The Rich Person Roth IRA

The Rich Person Roth IRA

The Rich Person Roth IRA
Tuesday, 28 May 2019

If you live in a high tax state (like CA, NY, or NJ) and are a high-earner (over $120,000 for singles and $199,00 for a couple)[i] there is a good chance you will see your taxes going up. Due to earnings caps on certain investment strategies, you may not have thought too much about a Roth IRA. This article will go over what is called “The Rich Person’s Roth” which is a gauche name for cash value life insurance, or Life Insurance Retirement Plans (LIRP) which could be a useful investment option for those who make too much to use a traditional Roth and want the tax saving and retirement benefits.

What is It?

Roth IRAs are not tax deductible, which can be a drawback for some. The benefit of the Roth is that, since the money invested has already been taxed, it is now allowed to grow tax-free and you will not be taxed when you retire. You are also able to pull out money without tax fees. Unfortunately, those making over a certain amount cannot participate, and the max contributions in 2019 were $6,000, or $7,000 for those over 50.[ii] The Rich Person's Roth is a strategy to minimize taxes for those whose income makes them ineligible for Roth IRAs. For those in this income bracket, maxing out a Roth IRA’s contributions would also not necessarily provide them with the monthly income in retirement that they would need, hence the name: Rich Person’s Roth. This savings option is also good for those high-earners who need to make up lost time in their retirement savings or for those who have maxed out all their contributions and looking for tax-savvy places to stash some cash. A Rich Person’s Roth is also a good option for those who worry about their financial risks into retirement: mainly tax rates, market health, and their own health/longevity. Living longer will inevitably cost more.   


The first, and main advantage, for the Rich Person's Roth, is that there are no contribution limits. By using LIRPs properly, you will be able to put as much money into your account and it will be treated as a Roth so it will be taxed and then grow tax-free when you need it down the line, it will also come out tax-free. This tax-free income means that, as a retired person, you are able to draw on your LIRP without tax penalties like raising your tax bracket and tax rate once you are retired. It will also not affect your Medicare premiums.   


The goal of utilizing a LIRP is that you will save for retirement in a life insurance policy. This is sort of like borrowing against your death benefits. This system will not work for someone in poor health or who may have some costly expenses coming up. This savings method works best when you have the time to leave the money to grow tax-free. So, if you are considering this type of investment, your health must be factored into the decision. To make tax-free withdrawals the insurance company may charge you interest. You may want to do research into the various types of LIRPs and look for one that is a Zero Net Loan. Another caution would be that life-insurance salespeople, unlike a licensed financial advisor, is not security-licensed which can mean that the safety and security of your investment may not be a priority. Anyone interested in a LIRP should do their research and seek out a certified financial planner who is also a Fiduciary.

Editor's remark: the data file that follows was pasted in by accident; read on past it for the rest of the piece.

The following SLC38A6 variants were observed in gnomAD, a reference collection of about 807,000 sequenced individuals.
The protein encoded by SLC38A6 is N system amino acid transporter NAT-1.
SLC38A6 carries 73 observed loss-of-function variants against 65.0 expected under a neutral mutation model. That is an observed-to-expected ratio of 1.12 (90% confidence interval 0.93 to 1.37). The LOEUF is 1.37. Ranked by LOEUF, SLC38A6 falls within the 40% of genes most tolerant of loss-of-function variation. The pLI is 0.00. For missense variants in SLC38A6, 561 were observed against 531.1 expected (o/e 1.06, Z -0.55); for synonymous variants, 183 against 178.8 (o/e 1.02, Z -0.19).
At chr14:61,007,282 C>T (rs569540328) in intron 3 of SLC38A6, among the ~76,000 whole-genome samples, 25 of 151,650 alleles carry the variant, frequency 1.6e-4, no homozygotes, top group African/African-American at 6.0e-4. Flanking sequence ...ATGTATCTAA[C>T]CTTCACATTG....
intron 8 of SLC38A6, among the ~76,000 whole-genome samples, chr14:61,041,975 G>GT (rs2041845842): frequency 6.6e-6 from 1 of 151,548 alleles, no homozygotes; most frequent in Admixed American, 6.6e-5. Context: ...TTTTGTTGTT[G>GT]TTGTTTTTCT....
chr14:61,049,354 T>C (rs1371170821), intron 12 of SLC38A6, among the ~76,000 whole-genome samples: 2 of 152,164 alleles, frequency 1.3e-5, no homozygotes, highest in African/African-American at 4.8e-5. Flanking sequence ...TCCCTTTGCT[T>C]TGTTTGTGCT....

How Does It Compare to The Back-Door Roth?

A Back-Door Roth is an investment strategy that allows you to get around income limits by converting a traditional IRA into a Roth IRA. Back-Door Roths are legal but can get complicated. The benefits are that anyone can put as much as they want into a traditional IRA, there are also currently no caps for converting that money into a Roth IRA. The drawbacks to this system happen when the transfer happens, as the conversion may count as income and move you to a higher tax bracket, therefore owing more taxes. This will also reclassify the money to “converted funds” and for those under 59 ½, you will need to wait five years to avoid penalty-fees for withdrawing.[iii] For high earner though, who are unable to take advantage of Roth IRAs, this is the only way to do it.  Which is why savvy investors should take a look at their Rich Person’s Roth options as another alternative for tax-free retirement funds.


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About the Author

Carroll W. “Bill” Hayes

Carroll W. “Bill” Hayes

Carroll W. “Bill” Hayes, MBA, CFP® Mr. Hayes started his financial career at Merrill Lynch in 1989. In 1992, Bill left Merrill Lynch for Fidelity Investments. During his career at Fidelity Investments he held roles in various divisions of Fidelity. Those roles included positions in the Trust, 401(k), Brokerage, and Money Management divisions. Bill held management positions at Fidelity and in 2001 led a Private Access team based in Boston. In the Private Access role his responsibilities included managing a book of business in excess of $3 Billion and a client base that was international in scope. 

In 2008 Bill established Charles Carroll Financial Partners. The firm is an Independent FeeOnly Financial Planning and Investment Management firm. Charles Carroll Financial Partners embraces its fiduciary responsibility to its clients. 

Bill is a graduate of Marquette University, and holds an MBA from the Sawyer School of Management. Bill holds the designation, CERTIFIED FINANCIAL PLANNER, and currently presides as a Commissioner on the Disciplinary and Ethics Commission of the Certified Financial Planner Board of Standards. Bill resides in Massachusetts with his wife Christine and travels up and down the East Coast meeting with clients of the firm.

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